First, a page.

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Advice needed: large OpenGL + Widgets Project for Molecular Graphics

P: n/a
I have a problem that I would like to get some advice on from other
Pythonistas. I currently manage a (soon to be) open source project for
displaying molecular graphics for a variety of different programs. To
do this I need to draw pictures of the molecules, typically using
OpenGL, and do some basic control, using some widget set.

The code currently uses GTK, and runs on Macintosh OS X under Fink,
and Linux. I would like to support the "normal" (i.e. non-Fink)
distribution on Macintosh, as well as Windows. I'm currently in the
process of doing the Windows port, and it's been harder than I had
hoped, although I haven't given up quite yet.

But the porting issue is the main problem with the code so far. I'd
like this project to be something that gets other people excited about
Python here, but I'm afraid that the installation issues is going to
make people say things like "see, Java is better after all". So I'm
seriously thinking about switching widget sets sometime down the road,
to try and get a more cross platform application.

One thing that really puzzles me is how rare putting an OpenGL window
inside of a widget seems to be. Togl is either dead or is
dying. Gtk.GLArea is either dead or dying as well. Gtk.GLExt seems to
be doing well, and wxPython.glcanvas works nicely. In making these
module decisions I normally try to figure out what most people do,
with the reasoning that whatever option that is will be the best
supported choice. However, it seems that *no one* is really interested
in putting an OpenGL panel inside of a widget. Please tell me I'm
wrong!

What follows are the options I'm considering. I would be grateful for
any advice other python programmers can offer.

1. GTK/PyGTK/PyOpenGL/GTK.GLArea
Advantages: This is the path of least resistance, since this is
what the program already uses. Currently works well, looks nice,
and seems stable.

Disadvantages: GTK isn't really a standard on Windows, and can be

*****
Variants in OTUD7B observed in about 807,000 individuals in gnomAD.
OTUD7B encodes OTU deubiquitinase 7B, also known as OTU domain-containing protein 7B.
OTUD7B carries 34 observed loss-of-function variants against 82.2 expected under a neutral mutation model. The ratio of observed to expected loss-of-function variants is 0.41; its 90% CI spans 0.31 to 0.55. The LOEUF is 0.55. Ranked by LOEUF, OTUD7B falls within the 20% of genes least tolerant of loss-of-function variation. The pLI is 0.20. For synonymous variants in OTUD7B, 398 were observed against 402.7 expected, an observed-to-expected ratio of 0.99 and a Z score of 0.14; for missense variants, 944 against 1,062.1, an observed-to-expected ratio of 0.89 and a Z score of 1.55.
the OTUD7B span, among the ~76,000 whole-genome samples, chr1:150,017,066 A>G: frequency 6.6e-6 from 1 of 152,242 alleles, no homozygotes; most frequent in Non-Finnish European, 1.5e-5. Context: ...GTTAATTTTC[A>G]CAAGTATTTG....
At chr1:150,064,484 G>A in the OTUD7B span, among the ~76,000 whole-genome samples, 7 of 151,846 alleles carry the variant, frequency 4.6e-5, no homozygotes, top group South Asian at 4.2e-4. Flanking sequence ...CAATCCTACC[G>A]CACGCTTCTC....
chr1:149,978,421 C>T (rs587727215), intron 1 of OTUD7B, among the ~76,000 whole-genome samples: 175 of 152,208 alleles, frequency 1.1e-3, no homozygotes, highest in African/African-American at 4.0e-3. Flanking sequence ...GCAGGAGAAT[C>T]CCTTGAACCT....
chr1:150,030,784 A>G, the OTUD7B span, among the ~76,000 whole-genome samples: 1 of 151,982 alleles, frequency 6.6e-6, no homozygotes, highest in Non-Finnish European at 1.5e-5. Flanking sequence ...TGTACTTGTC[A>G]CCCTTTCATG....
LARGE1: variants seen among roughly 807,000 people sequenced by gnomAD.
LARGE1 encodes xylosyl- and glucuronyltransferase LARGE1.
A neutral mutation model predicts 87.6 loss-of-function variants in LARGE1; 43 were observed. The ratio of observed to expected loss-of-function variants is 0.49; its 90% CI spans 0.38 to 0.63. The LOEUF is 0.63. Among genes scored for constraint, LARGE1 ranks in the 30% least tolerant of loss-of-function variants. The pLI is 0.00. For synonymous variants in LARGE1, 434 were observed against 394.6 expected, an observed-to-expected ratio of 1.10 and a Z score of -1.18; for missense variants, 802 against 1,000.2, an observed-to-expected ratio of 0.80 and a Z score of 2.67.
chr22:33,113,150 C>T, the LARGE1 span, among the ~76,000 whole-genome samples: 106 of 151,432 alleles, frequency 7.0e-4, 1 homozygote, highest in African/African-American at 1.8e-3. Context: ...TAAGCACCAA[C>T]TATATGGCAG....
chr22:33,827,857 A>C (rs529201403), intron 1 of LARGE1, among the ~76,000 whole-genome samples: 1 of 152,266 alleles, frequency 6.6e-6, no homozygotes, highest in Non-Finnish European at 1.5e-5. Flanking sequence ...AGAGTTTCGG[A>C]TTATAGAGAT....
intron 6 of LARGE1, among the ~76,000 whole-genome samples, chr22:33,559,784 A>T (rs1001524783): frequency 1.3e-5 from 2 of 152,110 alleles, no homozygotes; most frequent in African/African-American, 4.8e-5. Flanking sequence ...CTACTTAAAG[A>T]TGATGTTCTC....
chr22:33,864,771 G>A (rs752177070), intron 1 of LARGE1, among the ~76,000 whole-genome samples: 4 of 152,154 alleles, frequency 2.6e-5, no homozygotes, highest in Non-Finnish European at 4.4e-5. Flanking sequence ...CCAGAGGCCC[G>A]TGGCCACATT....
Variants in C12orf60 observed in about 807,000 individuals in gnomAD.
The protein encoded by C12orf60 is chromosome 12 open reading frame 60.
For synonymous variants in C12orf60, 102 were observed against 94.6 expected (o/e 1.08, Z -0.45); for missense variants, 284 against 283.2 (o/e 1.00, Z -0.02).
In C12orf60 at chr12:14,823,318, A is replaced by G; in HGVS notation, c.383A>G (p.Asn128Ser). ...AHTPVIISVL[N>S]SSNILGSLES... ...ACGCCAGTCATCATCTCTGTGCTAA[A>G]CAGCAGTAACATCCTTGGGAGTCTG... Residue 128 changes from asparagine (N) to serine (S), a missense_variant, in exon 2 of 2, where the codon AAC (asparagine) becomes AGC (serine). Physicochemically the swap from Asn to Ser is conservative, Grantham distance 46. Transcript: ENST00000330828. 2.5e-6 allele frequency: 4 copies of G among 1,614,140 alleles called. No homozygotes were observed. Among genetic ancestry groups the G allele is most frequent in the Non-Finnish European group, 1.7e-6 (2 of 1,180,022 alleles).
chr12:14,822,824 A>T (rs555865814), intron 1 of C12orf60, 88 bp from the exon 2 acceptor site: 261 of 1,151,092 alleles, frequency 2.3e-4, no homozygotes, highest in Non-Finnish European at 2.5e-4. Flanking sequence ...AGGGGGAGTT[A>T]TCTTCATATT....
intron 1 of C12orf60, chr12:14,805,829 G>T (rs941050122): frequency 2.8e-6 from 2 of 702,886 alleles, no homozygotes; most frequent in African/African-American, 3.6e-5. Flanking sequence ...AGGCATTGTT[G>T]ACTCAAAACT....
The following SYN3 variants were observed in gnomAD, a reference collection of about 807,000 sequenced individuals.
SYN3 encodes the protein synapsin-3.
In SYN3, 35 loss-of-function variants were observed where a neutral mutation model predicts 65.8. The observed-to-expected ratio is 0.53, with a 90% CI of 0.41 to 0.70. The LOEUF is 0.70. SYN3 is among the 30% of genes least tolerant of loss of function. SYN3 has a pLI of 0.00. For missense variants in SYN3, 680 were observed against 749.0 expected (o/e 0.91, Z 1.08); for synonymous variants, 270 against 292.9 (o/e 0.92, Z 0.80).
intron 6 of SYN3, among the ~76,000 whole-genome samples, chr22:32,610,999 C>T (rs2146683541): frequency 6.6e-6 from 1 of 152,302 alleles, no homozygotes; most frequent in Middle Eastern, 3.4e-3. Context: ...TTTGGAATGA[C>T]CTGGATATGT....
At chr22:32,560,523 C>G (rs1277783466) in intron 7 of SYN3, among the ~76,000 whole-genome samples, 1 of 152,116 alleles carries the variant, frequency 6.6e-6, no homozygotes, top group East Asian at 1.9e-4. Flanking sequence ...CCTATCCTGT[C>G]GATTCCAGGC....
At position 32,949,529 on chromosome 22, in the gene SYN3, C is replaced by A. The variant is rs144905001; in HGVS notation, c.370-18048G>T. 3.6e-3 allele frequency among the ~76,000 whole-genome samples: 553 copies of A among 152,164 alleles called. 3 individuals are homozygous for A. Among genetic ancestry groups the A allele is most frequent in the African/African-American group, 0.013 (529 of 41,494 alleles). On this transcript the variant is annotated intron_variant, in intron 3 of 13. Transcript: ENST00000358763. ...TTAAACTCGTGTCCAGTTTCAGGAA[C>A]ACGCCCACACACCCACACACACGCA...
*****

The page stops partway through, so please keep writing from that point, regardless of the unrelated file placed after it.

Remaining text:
problematic on other non-Linux platforms (such as Macintosh/Aqua).
Plus, the number of different packages that need to be installed is
daunting. Finally, GTK.GLArea is either dead or dying, so I would
probably have to distribute this module myself.

2. GTK/PyGTK/PyOpenGL/GTK.GLExt
Advantages: Upgrade to the GTK.GLExt method of putting an OpenGL
window inside a widget. Looks better and is supported.

Disadvantages: Need to rewrite some of the uglier code (which
probably needs to be rewritten anyway) that uses GTK.GLArea. Still
requires a long list of modules to be installed. And GTK still is
not a standard library outside of Linux.

3. Tkinter/PyOpenGL/Togl
Advantages: Least amount of modules to install.

Disadvantages: Tk is ugly. Tk is old. Tk doesn't look good on
Macintosh/Aqua. Togl is either dead or dying?

4. wxPython/PyOpenGL
Advantages: Seems to be a healthy, integrated solution to putting
an OpenGL window inside of a widget. Pretty widgets, and lots of
fancy features.

Disadvantages: The OpenGL install still crashed under Windows. A
widget set that not many people use? Also requires the most amount
of code rewrite, although if it's the best option it isn't a
problem.

5. Other ideas:
It is a sign of my own desperation that I'm even considering things
like writing a canvas widget that can draw balls and sticks, and
then just doing the matrix algebra in NumPy, rather than using
OpenGL.

Thanks in advance for any help or sympathy that people can offer.
Jul 18 '05 #1
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9 Replies


P: n/a
DH wrote:
....
The problem I have though is - can you have an opengl canvas in the
same window with other wxpython controls. I've done this in java,
basic and C, but the wxpython demo only showed opengl animations
running in their own window. This is my problem with vpython and sdl
too. I want something that can be embedded in a tk/wx/qt/gtk window
with other controls, even other opengl canvases. At the C level, it's
just a matter of clipping the drawing and switching the current
drawing context.


This works fine. See the browser sub-package of OpenGLContext for a
demo. See also much simpler demo in
OpenGLContext/tests/wx_with_controls.py, which just puts a button and a
wxPython Context (derived from wxGLCanvas) on a window and uses the